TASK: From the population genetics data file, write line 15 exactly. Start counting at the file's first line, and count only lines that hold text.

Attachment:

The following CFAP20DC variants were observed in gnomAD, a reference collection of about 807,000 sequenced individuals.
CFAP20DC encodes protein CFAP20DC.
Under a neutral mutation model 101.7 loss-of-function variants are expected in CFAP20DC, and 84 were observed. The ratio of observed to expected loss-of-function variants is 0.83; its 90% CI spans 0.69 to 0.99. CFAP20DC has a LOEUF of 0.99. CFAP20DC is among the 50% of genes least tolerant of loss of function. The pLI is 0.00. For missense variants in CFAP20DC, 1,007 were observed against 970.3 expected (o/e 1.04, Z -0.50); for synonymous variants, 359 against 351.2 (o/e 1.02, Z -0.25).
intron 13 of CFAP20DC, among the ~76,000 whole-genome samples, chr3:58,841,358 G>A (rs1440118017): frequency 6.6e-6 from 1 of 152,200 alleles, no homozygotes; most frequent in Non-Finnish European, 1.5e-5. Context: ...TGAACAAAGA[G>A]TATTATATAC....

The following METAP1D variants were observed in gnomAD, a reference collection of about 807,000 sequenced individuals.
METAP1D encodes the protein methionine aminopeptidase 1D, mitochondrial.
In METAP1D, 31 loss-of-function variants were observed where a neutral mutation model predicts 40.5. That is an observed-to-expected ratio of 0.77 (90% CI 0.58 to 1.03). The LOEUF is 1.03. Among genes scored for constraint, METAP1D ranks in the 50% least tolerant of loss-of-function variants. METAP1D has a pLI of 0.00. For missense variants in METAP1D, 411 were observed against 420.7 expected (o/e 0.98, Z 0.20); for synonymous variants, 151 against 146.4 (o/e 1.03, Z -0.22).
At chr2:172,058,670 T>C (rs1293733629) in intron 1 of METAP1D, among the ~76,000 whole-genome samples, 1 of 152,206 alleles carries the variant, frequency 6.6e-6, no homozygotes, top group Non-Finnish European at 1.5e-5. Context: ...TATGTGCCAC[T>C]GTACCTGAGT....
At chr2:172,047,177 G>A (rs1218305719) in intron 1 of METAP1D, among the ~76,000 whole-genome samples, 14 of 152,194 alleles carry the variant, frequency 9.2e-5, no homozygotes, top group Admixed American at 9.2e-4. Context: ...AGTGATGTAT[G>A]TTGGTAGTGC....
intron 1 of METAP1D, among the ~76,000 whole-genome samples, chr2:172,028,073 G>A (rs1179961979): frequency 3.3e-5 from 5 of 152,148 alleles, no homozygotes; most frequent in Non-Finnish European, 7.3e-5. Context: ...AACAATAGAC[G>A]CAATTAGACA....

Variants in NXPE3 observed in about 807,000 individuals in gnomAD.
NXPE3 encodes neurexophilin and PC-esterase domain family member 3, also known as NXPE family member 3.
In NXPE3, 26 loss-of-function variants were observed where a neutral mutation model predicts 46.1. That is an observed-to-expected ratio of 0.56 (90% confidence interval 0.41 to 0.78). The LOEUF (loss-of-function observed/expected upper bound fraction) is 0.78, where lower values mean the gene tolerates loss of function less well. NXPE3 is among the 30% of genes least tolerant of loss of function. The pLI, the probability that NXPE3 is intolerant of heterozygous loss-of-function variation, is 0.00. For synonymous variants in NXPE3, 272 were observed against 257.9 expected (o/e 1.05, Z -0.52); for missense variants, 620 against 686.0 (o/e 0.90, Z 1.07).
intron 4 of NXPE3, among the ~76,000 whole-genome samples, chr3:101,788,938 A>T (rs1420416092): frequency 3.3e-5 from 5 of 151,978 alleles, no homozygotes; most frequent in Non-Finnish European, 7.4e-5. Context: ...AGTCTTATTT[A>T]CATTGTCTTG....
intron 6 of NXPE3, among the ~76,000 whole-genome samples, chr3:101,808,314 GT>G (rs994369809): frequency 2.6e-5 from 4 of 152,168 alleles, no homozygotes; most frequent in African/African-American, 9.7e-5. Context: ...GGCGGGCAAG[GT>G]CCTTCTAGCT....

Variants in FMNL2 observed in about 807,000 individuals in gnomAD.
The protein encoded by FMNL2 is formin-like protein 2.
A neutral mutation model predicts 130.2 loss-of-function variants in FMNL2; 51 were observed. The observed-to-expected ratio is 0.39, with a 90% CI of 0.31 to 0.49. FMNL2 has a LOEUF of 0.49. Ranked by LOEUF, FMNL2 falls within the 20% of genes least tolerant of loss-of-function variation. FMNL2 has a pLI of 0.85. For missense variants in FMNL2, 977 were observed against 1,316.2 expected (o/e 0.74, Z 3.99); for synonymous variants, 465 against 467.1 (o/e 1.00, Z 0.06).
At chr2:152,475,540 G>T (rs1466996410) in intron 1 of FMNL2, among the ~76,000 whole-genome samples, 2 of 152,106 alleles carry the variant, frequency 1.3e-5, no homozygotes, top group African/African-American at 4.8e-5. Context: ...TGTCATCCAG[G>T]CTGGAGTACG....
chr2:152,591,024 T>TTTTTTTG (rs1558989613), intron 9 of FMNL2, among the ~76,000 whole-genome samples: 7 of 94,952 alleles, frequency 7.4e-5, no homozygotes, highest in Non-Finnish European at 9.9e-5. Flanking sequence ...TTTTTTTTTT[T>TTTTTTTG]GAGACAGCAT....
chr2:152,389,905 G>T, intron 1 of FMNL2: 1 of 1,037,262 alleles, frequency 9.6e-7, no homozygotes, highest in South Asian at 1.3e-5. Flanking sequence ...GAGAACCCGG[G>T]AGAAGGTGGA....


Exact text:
intron 6 of NXPE3, among the ~76,000 whole-genome samples, chr3:101,808,314 GT>G (rs994369809): frequency 2.6e-5 from 4 of 152,168 alleles, no homozygotes; most frequent in African/African-American, 9.7e-5. Context: ...GGCGGGCAAG[GT>G]CCTTCTAGCT....